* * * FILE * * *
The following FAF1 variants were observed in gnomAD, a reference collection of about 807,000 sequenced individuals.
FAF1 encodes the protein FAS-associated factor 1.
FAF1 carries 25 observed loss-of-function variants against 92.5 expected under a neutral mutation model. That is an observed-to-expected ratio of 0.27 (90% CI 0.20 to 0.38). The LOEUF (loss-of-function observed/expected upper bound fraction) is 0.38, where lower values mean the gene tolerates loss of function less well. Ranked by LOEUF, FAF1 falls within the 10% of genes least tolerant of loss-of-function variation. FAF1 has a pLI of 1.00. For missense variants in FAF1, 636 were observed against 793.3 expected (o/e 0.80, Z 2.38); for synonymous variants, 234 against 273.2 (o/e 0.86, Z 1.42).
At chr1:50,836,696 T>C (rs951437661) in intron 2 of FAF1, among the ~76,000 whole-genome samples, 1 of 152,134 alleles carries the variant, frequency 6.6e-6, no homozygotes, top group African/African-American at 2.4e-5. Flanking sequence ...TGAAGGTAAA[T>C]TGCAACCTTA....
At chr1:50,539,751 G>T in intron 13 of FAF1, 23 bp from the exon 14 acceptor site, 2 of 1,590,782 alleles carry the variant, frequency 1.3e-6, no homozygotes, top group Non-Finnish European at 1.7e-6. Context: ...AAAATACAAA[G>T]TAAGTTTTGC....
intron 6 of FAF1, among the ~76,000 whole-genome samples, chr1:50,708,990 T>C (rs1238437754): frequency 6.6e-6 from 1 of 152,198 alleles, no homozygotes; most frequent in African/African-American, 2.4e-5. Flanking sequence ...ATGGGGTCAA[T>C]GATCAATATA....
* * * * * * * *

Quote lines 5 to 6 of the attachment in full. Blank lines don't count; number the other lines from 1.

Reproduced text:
At chr1:50,539,751 G>T in intron 13 of FAF1, 23 bp from the exon 14 acceptor site, 2 of 1,590,782 alleles carry the variant, frequency 1.3e-6, no homozygotes, top group Non-Finnish European at 1.7e-6. Context: ...AAAATACAAA[G>T]TAAGTTTTGC....
intron 6 of FAF1, among the ~76,000 whole-genome samples, chr1:50,708,990 T>C (rs1238437754): frequency 6.6e-6 from 1 of 152,198 alleles, no homozygotes; most frequent in African/African-American, 2.4e-5. Flanking sequence ...ATGGGGTCAA[T>C]GATCAATATA....